Freddy Gray

After Hillary Clinton’s collapse, is it time to consider the possibility of President Tim Kaine?

After Hillary Clinton’s collapse, is it time to consider the possibility of President Tim Kaine?
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What if Hillary Clinton can’t run? It’s a question that must be asked, even if the New York Times and much of the American mainstream media has been unwilling to ask it. Until now, that is. Clinton’s collapse – or ‘medical episode’ – during a 9/11 memorial service has brought the issue of her health to everybody's attention.

Americans will be asking themselves how, if she can’t make it through a memorial service, she will cope with the rigours of four years as Commander-in-chief. Moreover, the conspiracy of silence surrounding her health troubles does add to the general idea that the media and the Washington elite are willing to cover up, to mislead the public in order to win an election. This will feed Trumpmania and excite the growing part of the electorate who feel the whole damn system is rigged.

The whispers about her ill-health have long amounted to more than just malicious right-wing gossip. Clinton turns 68 next month and at times during the campaign she has seemed exhausted and unwell. Today's on-camera collapse looks serious -her doctor afterwards put it down to pneumonia. As even the New York Times says, this is not a trivial diagnosis for anyone over 65 as older sufferers "can experience confusion" as well as coughing, fever and low energy and "it can be weeks before a middle age person fully regains strength". Ever since her fall and blood clot in her head two years ago, Hillary has shown signs of not being quite right.

With the immense physical and mental stress and strain that comes with a presidential campaign, it's perhaps not surprising that a 68-year-old is struggling to cope. Trump is 70, of course; his doctor said he would be the "healthiest individual ever elected to the presidency" which is obviously untrue. But there are few legitimate question marks surrounding his physical capacities. Hillary's case is different. Her coughing fits (she had another a few days ago) are becoming a trademark of her campaign.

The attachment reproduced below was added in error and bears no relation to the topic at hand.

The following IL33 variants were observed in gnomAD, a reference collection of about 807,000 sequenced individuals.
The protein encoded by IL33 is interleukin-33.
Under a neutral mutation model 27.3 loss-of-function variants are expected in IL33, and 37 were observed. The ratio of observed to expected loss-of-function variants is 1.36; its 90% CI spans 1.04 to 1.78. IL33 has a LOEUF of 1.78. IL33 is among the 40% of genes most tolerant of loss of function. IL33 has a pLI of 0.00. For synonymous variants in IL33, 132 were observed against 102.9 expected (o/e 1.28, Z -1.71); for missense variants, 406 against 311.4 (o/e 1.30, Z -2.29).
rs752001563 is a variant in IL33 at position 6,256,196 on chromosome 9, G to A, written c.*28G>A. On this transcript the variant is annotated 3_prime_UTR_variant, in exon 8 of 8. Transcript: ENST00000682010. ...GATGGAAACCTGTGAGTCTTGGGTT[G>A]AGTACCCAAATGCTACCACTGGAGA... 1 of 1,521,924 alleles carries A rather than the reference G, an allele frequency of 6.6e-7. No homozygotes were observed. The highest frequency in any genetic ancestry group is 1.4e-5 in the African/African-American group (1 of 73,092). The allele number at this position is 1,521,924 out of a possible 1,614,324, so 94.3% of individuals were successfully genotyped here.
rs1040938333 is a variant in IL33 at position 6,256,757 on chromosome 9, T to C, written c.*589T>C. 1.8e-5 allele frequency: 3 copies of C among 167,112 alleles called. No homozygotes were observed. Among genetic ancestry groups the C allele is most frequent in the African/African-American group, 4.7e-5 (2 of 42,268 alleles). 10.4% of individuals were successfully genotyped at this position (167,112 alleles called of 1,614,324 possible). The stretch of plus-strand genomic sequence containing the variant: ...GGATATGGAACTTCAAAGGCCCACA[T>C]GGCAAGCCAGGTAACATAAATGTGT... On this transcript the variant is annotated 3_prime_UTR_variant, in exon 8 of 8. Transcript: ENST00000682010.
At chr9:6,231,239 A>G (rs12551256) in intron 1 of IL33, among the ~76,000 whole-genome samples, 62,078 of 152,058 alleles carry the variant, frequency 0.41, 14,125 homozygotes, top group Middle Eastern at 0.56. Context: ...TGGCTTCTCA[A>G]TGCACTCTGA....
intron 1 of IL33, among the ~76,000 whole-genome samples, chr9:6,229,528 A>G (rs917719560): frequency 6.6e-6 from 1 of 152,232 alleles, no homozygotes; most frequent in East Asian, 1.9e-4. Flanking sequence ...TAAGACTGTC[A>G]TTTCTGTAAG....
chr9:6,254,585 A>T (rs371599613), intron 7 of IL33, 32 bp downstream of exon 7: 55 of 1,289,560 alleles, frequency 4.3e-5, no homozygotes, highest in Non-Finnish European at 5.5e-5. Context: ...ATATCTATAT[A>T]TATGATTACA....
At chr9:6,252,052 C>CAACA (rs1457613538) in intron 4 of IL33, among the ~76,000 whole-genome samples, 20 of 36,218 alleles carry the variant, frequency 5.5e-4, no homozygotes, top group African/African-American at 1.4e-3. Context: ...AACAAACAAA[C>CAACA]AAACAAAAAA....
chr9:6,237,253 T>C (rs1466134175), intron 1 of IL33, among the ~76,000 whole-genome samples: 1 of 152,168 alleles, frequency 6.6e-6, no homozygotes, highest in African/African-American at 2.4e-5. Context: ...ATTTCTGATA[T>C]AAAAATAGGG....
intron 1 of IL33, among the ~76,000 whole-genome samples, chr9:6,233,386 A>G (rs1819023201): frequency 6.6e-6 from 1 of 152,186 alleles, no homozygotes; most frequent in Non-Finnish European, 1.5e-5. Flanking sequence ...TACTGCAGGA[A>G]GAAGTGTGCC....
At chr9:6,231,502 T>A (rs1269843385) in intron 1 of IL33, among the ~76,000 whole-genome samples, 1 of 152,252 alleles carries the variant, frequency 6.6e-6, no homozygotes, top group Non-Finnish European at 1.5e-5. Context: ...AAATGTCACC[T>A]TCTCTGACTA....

What if Clinton now has to accept that she is not physically up to the demands of presidency? If she stands down, then what? We are in uncharted and very choppy waters. The party would have to choose another candidate and the nomination would most likely go to Tim Kaine, her 58-year-old running mate, who then would quite quickly become favourite to win the presidency.

Kaine doesn't exactly thrill. He is a fairly middle-of-the-road machine politician: liberal but not progressive in the Bernie Sanders-mould; a traditional Democrat, not a more conservative 'blue-dog' candidate such as Jim Webb. He even admits to being boring in interviews. But he can be likeable -- unlike, say, Hillary Clinton or Donald Trump -- and likeability tends to win big elections. He could even be the only person now who can stop Donald Trump reaching the White House.

Hillary's withdrawal would in fact be terrible news for the Trump campaign. Trump’s greatest advantage as a presidential candidate is not his willingness to say the hitherto unsayable on immigration. It’s that he is not Hillary Clinton, who is widely and massively reviled.

But if Hillary Clinton suddenly has to withdraw from the race – and after today that is not too remote a possibility – then Trump’s trump card is gone. It's still mere speculation, but perhaps we should start considering the possibility of President Tim Kaine.